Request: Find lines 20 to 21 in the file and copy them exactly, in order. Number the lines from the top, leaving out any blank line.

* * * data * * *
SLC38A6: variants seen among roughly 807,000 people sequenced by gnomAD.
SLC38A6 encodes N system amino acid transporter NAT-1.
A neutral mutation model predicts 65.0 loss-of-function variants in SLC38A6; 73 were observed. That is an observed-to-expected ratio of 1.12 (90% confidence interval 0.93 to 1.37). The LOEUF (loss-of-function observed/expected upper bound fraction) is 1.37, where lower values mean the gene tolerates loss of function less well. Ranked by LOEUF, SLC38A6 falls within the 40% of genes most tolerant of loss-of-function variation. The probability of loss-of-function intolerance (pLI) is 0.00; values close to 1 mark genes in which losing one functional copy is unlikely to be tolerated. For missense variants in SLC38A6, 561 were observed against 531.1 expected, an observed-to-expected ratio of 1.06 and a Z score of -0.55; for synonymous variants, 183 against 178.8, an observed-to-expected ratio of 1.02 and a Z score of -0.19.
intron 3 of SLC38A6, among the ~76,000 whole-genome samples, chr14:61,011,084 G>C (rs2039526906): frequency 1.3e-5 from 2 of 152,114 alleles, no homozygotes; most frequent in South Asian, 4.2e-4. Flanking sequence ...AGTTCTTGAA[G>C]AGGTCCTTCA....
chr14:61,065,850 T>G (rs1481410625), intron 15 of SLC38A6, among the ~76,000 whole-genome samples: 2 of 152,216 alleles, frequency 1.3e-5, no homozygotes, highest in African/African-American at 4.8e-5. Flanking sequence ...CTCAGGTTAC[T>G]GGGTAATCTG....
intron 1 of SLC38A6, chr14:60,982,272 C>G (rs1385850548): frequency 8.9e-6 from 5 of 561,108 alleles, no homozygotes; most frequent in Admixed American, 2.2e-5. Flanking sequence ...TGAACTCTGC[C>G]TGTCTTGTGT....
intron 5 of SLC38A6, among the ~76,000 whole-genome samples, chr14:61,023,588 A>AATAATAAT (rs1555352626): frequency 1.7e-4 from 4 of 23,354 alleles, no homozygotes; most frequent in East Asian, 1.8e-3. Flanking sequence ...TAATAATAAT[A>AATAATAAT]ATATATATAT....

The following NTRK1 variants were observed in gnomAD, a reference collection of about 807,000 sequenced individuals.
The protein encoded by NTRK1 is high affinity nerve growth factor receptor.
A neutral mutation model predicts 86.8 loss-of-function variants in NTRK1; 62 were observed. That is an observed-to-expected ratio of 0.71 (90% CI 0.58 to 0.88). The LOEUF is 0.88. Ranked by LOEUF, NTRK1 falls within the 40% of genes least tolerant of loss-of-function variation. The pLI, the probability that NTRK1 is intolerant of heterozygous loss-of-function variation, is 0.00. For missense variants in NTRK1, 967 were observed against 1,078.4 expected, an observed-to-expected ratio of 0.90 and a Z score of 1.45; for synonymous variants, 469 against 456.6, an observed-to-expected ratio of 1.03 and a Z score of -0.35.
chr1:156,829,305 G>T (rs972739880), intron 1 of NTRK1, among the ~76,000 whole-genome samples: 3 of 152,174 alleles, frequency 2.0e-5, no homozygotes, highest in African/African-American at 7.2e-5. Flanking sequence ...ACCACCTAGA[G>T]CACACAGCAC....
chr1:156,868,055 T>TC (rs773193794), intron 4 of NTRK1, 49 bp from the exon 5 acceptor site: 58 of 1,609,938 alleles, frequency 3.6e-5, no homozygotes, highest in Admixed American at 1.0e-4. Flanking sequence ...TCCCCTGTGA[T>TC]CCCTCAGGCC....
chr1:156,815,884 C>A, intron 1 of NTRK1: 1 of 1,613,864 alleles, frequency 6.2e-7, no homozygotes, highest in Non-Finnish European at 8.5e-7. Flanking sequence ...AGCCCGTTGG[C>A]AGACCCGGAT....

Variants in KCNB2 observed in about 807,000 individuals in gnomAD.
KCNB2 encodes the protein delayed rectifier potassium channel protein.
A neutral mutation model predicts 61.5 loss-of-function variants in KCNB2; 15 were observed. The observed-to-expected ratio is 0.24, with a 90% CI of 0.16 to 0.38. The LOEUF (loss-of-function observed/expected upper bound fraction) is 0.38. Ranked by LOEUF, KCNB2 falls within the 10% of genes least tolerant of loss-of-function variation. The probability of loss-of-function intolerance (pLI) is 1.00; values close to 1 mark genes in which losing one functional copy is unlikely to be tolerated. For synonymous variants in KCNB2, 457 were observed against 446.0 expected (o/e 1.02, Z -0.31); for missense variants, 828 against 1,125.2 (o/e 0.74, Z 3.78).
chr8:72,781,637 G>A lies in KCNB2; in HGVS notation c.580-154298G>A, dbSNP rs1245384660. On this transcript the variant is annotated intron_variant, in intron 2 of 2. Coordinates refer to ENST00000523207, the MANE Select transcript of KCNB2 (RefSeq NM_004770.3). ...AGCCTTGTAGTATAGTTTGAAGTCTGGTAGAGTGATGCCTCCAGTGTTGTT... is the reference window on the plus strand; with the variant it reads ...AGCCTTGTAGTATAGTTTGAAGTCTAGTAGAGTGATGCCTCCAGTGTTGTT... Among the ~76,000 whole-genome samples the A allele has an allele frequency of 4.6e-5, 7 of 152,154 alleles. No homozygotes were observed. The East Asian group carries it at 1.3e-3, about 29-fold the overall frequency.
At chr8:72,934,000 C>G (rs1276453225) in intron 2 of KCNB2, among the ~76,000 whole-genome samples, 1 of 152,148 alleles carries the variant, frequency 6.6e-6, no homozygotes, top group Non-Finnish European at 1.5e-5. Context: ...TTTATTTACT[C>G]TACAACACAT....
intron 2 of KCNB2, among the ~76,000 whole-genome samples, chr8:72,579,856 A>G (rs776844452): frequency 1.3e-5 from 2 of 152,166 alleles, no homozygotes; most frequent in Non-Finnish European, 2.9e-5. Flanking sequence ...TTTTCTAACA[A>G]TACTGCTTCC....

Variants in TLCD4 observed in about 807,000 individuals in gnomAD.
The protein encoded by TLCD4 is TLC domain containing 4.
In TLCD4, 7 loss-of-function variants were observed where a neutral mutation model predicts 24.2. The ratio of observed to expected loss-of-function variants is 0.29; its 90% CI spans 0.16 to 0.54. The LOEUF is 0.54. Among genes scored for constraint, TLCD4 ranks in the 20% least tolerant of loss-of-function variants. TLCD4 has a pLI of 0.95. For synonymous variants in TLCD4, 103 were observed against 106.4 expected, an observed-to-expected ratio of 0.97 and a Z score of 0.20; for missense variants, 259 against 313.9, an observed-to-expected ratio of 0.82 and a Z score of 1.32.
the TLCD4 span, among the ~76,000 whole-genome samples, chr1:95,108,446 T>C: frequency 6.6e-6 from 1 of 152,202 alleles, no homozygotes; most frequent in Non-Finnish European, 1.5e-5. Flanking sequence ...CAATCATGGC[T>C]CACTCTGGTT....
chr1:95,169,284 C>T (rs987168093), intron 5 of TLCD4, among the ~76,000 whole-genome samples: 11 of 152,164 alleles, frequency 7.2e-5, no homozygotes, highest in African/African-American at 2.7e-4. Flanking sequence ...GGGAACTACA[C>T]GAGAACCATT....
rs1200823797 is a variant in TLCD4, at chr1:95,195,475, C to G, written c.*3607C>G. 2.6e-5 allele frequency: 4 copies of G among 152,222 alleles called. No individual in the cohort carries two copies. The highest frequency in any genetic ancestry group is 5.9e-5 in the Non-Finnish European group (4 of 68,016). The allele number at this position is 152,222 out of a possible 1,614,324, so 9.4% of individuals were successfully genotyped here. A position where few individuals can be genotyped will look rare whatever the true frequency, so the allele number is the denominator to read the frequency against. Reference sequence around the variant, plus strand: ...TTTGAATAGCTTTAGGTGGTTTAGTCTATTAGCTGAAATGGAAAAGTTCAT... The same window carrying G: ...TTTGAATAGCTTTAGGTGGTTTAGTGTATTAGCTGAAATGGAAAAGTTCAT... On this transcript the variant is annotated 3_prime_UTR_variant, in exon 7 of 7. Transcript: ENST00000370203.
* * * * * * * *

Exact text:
Variants in TLCD4 observed in about 807,000 individuals in gnomAD.
The protein encoded by TLCD4 is TLC domain containing 4.